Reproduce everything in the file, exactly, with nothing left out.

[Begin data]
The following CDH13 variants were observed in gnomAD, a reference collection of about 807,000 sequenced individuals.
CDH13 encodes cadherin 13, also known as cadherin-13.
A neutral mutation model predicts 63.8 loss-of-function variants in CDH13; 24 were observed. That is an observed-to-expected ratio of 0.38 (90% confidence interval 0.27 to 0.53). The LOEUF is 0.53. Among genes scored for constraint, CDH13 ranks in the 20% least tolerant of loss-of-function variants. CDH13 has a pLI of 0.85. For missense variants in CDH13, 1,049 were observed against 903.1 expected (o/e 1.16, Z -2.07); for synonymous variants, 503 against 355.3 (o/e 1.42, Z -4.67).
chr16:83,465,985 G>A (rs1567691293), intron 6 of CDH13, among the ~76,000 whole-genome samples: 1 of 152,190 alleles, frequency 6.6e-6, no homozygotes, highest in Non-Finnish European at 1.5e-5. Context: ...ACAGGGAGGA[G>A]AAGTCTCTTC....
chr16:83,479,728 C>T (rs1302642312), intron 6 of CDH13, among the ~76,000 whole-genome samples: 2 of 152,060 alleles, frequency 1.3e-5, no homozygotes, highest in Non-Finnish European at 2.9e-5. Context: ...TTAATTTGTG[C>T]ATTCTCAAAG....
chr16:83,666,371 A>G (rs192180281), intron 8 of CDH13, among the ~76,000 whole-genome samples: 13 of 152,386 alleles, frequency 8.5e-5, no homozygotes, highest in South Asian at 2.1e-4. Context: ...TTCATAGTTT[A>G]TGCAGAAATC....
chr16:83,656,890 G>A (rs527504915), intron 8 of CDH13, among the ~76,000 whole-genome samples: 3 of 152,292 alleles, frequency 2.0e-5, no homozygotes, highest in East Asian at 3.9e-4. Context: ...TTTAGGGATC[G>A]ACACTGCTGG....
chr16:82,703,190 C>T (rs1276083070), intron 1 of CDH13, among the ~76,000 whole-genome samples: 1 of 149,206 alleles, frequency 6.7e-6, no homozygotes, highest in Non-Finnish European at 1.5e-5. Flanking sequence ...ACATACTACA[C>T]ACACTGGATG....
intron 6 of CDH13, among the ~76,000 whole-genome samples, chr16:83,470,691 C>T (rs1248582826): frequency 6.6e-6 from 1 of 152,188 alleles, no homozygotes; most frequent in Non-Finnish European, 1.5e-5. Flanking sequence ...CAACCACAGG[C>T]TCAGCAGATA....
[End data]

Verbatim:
The following CDH13 variants were observed in gnomAD, a reference collection of about 807,000 sequenced individuals.
CDH13 encodes cadherin 13, also known as cadherin-13.
A neutral mutation model predicts 63.8 loss-of-function variants in CDH13; 24 were observed. That is an observed-to-expected ratio of 0.38 (90% confidence interval 0.27 to 0.53). The LOEUF is 0.53. Among genes scored for constraint, CDH13 ranks in the 20% least tolerant of loss-of-function variants. CDH13 has a pLI of 0.85. For missense variants in CDH13, 1,049 were observed against 903.1 expected (o/e 1.16, Z -2.07); for synonymous variants, 503 against 355.3 (o/e 1.42, Z -4.67).
chr16:83,465,985 G>A (rs1567691293), intron 6 of CDH13, among the ~76,000 whole-genome samples: 1 of 152,190 alleles, frequency 6.6e-6, no homozygotes, highest in Non-Finnish European at 1.5e-5. Context: ...ACAGGGAGGA[G>A]AAGTCTCTTC....
chr16:83,479,728 C>T (rs1302642312), intron 6 of CDH13, among the ~76,000 whole-genome samples: 2 of 152,060 alleles, frequency 1.3e-5, no homozygotes, highest in Non-Finnish European at 2.9e-5. Context: ...TTAATTTGTG[C>T]ATTCTCAAAG....
chr16:83,666,371 A>G (rs192180281), intron 8 of CDH13, among the ~76,000 whole-genome samples: 13 of 152,386 alleles, frequency 8.5e-5, no homozygotes, highest in South Asian at 2.1e-4. Context: ...TTCATAGTTT[A>G]TGCAGAAATC....
chr16:83,656,890 G>A (rs527504915), intron 8 of CDH13, among the ~76,000 whole-genome samples: 3 of 152,292 alleles, frequency 2.0e-5, no homozygotes, highest in East Asian at 3.9e-4. Context: ...TTTAGGGATC[G>A]ACACTGCTGG....
chr16:82,703,190 C>T (rs1276083070), intron 1 of CDH13, among the ~76,000 whole-genome samples: 1 of 149,206 alleles, frequency 6.7e-6, no homozygotes, highest in Non-Finnish European at 1.5e-5. Flanking sequence ...ACATACTACA[C>T]ACACTGGATG....
intron 6 of CDH13, among the ~76,000 whole-genome samples, chr16:83,470,691 C>T (rs1248582826): frequency 6.6e-6 from 1 of 152,188 alleles, no homozygotes; most frequent in Non-Finnish European, 1.5e-5. Flanking sequence ...CAACCACAGG[C>T]TCAGCAGATA....